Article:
In terms of fit, the Virrata initially felt snugger in the forefoot to me compared to the Kinvara. After wearing the first pair I was given around for a few days, I came to the conclusion that the shoe fit just a tad short, and that going up a half size might make for a better fit. I gave my size 10’s away and asked Saucony if they could replace them with a pair of 10.5s. It made all the difference in the world! I now feel like the fit is pretty similar to the Kinvara in a half size smaller, and I don’t feel like the Virrata is overly constrictive. I haven’t tried running sockless in the Virrata yet, but the interior feels like it might be suitable for sockless running.
Sizing up in the Virrata had an unexpected consequence with regard to the feel of the sole underfoot. When I first put my original pair on I felt like the sole of the forefoot thinned out rather abruptly up front, almost making me feel like I wanted to roll forward in the shoes. Part of me wonders if this is why some people say it doesn’t feel zero drop. However, after sizing up that feeling is gone. I think the issue has to do with the podded design of the sole cushioning.
If you look at the photo above, you’ll notice the distinct bands of triangular cushioning pods that cross the sole. The band directly across the center of the forefoot is the same thickness as the heel (17mm), and should sit right under your metatarsal heads. I think in the size 10 my met heads were a bit more toward the front of this band, which accentuated the feeling of the sole thinning out up front (and maybe why some say it doesn’t feel zero drop). When I went up to the size 10.5, I could feel that the pod row was now in a better place, and the forefoot cushioning felt much better. In fact, with the fit correct I might go so far as to say that the Virrata has the best forefoot cushioning of any shoe I have worn.
The sole of the Virrata is pretty soft, so those who like a firm shoe should look elsewhere. But, if you like the Kinvara and you want a zero drop alternative, or if you’re just looking for a well-cushioned zero drop shoe, the Virrata is definitely worth a look.
Another benefit of the podded sole design is that the forefoot of the Virrata is quite flexible – I’d say it’s a bit more flexible than the Kinvara. A drawback of the pods is that I suspect durability will be a problem for some runners, particularly those who chew up the lateral forefoot of the Kinvara. Because the pods extend down from the sole, I suspect they might wear down faster than a more uniformly flat sole design.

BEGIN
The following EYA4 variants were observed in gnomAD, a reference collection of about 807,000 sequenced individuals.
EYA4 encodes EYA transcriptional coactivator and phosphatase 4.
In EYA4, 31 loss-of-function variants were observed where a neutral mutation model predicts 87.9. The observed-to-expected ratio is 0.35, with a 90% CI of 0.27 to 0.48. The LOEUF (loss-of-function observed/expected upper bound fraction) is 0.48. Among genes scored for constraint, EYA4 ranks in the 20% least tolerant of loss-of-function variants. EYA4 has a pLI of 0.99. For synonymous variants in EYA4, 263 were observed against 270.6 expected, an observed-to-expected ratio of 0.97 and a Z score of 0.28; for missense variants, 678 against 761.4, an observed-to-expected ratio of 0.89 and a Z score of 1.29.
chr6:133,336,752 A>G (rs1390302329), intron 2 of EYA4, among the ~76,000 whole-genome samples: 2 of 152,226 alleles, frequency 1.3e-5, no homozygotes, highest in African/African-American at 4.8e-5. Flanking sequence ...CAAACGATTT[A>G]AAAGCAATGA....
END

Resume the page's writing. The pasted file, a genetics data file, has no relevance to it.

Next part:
Saucony chose to use rubber very sparingly on the sole of the Virrata (likely to spare weight – the Virrata is listed at only 6.7oz in a size 9) – there is a patch on the heel, and a bit under the big toe and tip of the forefoot. The rest of the sole is exposed EVA, so again a cause for concern if you have a history of accelerated sole wear on your shoes. I will say that after 50-60 miles my sole wear is pretty minimal, but I tend to not destroy soles badly.
I’ve really enjoyed running in the Saucony Virrata over the past few months. As a fan of the Kinvara, this shoe feels like a close, zero drop cousin with better cushioning under the forefoot. All good things. Perhaps the most complimentary thing I can say is that the Virrata remains in contention to be my Spring marathon shoe – it’s probably a close second to the Skechers GoRun 2 for that honor with two months to go.
At an MSRP of $89.99, the Virrata is actually a pretty reasonably priced shoe, though cost per miles run (i.e., durability) will vary highly depending on how your mechanics work with the sole of this shoe. Given the current condition of my shoes, I’d say that they should be comparable to the Kinvara in terms of durability.
If you’re in the market for a well cushioned, zero drop shoe that is not overly roomy up front, the Virrata is the shoe for you. If you want all of those things and a wide forefoot, look to the Altra Torin. Both are great options in the cushioned, zero drop niche!
Outside of the US, the Saucony Virrata can be purchased at Wiggle.
In the US, you can purchase the Saucony Virrata in several color combinations (see below)at Running Warehouse.